He said it has become of relevant concern in many quarters both locally and internationally, as to why have there not been any conviction on money laundering and terrorist financing in Liberia? He indicated that based on his initial assessment of the FIU, his reply to the pertinent query, is the observation of the issue surrounding the mandate of the FIU which, he narrated, cannot prosecute or secure a conviction in keeping with FIU functions and powers enshrined in section 67 of the 2013 Financial Intelligence Unit Act and the Money Laundering and Terrorist Financing law of 2013, saying: “These mandates only allow the FIU to exercise its power as deterrence against would-be wrongdoers.”
The FIU Director-General disclosed that support to the institution in making it independent, effective and operational remains the highest evidence that the government of Liberia has to demonstrate as a political will in fighting money laundering and terrorist financing.
He used his induction to call on partners of Liberia to support the FIU’s work since, according to him, the crimes of Money Laundering and terrorist financing are borderless and the weakness of one jurisdiction that can adversely impact the world at large. “We look to open new discussions on these matters with all of our partners and collaborating agencies to get this work done as we begin to make our financial sector a safe and vibrant space for all.”
Speaking on the economic challenge facing the country, the agency Director-General said it is an undeniable fact that Liberia is faced with tough economic challenges that are now becoming a threat to peace and stability – it is his plea that Liberians, as a people, should remain strong, focus, and determined, realizing that tough times don’t last but tough people do.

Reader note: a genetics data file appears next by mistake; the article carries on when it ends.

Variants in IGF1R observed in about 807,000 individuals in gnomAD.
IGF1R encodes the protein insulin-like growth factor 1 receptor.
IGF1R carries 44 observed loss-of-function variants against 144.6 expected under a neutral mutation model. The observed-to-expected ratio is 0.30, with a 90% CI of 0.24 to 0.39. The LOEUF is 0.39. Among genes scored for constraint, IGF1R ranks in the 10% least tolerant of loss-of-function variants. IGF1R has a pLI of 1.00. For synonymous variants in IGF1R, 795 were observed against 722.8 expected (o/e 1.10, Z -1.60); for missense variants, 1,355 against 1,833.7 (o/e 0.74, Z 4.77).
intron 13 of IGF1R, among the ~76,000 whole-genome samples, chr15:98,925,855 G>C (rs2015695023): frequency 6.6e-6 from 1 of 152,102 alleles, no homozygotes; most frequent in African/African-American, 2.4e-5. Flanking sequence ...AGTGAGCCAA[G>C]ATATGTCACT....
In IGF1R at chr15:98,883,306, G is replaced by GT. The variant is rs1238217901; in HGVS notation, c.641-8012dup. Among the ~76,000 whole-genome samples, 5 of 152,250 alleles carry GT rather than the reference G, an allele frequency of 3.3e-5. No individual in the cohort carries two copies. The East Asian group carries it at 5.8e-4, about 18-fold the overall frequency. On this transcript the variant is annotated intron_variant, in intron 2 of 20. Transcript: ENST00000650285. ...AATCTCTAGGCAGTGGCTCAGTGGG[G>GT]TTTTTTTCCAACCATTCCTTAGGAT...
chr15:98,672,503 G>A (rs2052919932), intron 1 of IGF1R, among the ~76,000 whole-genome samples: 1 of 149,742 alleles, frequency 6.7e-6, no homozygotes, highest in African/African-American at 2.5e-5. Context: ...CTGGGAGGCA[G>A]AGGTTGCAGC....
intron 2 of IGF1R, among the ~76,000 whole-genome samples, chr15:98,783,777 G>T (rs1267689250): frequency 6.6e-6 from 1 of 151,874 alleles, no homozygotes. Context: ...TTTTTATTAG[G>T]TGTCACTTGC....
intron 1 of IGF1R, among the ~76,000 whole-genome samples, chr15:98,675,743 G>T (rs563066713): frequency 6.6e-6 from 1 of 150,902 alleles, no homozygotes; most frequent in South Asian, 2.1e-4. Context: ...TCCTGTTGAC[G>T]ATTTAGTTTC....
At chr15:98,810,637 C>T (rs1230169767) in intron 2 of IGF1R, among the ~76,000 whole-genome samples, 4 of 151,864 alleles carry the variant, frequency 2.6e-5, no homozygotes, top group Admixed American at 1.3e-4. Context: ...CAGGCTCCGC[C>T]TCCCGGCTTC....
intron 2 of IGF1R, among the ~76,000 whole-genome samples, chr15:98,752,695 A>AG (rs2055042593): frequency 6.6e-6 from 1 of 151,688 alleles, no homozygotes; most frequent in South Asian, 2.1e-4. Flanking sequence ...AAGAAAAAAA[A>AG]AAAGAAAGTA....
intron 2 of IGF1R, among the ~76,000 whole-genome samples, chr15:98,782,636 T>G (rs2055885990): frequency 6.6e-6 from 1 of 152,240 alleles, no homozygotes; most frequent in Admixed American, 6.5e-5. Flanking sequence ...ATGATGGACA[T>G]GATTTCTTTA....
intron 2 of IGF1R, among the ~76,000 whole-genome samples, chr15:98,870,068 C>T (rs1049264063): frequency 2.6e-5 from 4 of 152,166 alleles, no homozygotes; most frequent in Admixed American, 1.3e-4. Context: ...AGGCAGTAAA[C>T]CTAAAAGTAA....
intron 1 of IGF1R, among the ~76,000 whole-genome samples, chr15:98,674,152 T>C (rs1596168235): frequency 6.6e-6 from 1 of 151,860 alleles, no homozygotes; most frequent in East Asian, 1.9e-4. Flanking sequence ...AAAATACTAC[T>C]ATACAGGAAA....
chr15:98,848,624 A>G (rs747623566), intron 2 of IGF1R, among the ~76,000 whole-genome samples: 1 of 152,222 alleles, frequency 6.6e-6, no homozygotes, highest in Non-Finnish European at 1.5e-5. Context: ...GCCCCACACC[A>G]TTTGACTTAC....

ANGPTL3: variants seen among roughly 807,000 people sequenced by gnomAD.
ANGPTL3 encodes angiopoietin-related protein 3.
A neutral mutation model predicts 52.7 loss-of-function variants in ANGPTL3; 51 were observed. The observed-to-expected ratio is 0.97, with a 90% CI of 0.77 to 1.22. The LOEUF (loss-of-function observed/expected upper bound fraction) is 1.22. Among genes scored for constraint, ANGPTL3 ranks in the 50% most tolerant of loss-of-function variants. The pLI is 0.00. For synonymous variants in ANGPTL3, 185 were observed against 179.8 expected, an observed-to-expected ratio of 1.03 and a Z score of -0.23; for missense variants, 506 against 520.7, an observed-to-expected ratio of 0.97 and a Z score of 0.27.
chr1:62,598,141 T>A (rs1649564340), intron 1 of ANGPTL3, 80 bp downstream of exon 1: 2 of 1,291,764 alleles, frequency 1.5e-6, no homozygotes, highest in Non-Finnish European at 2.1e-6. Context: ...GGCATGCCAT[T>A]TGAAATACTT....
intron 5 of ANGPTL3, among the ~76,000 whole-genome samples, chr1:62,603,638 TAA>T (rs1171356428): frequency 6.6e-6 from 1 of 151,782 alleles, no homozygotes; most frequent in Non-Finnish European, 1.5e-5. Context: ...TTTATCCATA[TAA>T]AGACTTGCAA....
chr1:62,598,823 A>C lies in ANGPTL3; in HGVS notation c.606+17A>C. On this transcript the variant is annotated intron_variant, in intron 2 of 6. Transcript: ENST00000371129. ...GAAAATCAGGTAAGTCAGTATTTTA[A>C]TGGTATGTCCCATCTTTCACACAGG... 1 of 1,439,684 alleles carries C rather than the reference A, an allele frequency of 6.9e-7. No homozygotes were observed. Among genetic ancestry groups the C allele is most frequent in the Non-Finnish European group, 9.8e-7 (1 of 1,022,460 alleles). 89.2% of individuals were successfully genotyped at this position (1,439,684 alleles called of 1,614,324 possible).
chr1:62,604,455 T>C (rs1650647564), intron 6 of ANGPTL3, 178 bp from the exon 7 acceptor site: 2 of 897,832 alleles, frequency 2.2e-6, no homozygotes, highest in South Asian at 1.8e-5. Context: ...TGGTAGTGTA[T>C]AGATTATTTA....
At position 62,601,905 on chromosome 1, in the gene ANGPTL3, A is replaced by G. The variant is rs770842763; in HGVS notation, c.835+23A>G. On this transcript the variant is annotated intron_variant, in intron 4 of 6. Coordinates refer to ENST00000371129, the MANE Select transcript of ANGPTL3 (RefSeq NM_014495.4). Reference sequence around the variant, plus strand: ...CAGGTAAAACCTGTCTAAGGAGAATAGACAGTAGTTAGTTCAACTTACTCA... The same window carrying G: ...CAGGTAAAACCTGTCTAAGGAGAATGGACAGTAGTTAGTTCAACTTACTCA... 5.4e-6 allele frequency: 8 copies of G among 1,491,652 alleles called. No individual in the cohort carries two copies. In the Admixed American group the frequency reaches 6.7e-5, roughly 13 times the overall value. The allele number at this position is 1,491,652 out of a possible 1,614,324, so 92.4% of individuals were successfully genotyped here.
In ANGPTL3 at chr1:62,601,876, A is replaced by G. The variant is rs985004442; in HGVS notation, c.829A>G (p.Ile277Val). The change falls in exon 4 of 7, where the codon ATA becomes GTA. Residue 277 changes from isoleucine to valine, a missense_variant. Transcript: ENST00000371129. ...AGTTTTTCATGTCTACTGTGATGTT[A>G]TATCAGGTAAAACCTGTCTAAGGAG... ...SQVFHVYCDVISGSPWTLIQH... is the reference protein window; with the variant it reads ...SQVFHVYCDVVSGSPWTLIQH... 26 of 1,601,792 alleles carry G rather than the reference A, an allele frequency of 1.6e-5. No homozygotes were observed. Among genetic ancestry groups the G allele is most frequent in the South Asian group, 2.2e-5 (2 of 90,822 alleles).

“It is a certain fact that economic stability will present itself when Liberians put themselves to work to achieve the dreams and visions Liberians cradle for Liberia. This is a realization that is soon to be material from Liberians’ action where all participate through the spending of wages and incomes derived from lawful employment or profits from businesses in support of Liberians’ common hope to see the nation uplifted,” Harris said.
He continued, “This is not a dream far-fetched, but one we can acquire when we muster the strength to build upon what we have and work it to achieve. When we resolve to do this, then can our hopes and aspirations come alive with tangible results? In so doing, we must do what is constitutional and morally right against the odds.”
Meanwhile, Harris has extended special thanks and appreciation to President George M. Weah for nominating him to serve the Liberian People, using the institutional framework of the Financial Intelligence Unit of Liberia.
The Financial Intelligence Unit was created in 2012 act of the legislature, approved on April 30, 2013, and published May 2, 2013, as the national agency responsible for receiving, requesting, conducting preliminary investigations, analyzing and disseminating information to competent authority concerning suspected proceeds of crime.